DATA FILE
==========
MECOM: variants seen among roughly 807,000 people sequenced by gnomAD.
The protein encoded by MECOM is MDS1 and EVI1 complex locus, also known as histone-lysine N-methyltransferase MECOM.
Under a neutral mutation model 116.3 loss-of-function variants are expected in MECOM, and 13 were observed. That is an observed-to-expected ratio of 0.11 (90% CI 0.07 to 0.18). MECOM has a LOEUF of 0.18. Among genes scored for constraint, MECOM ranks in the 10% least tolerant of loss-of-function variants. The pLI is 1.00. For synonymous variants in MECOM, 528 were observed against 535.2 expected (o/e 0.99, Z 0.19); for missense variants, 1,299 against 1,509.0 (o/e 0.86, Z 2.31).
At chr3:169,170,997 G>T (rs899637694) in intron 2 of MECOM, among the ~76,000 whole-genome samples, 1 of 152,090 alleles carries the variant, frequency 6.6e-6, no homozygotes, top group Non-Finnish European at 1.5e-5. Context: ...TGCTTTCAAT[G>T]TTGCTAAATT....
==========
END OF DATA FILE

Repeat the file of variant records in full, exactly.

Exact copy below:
MECOM: variants seen among roughly 807,000 people sequenced by gnomAD.
The protein encoded by MECOM is MDS1 and EVI1 complex locus, also known as histone-lysine N-methyltransferase MECOM.
Under a neutral mutation model 116.3 loss-of-function variants are expected in MECOM, and 13 were observed. That is an observed-to-expected ratio of 0.11 (90% CI 0.07 to 0.18). MECOM has a LOEUF of 0.18. Among genes scored for constraint, MECOM ranks in the 10% least tolerant of loss-of-function variants. The pLI is 1.00. For synonymous variants in MECOM, 528 were observed against 535.2 expected (o/e 0.99, Z 0.19); for missense variants, 1,299 against 1,509.0 (o/e 0.86, Z 2.31).
At chr3:169,170,997 G>T (rs899637694) in intron 2 of MECOM, among the ~76,000 whole-genome samples, 1 of 152,090 alleles carries the variant, frequency 6.6e-6, no homozygotes, top group Non-Finnish European at 1.5e-5. Context: ...TGCTTTCAAT[G>T]TTGCTAAATT....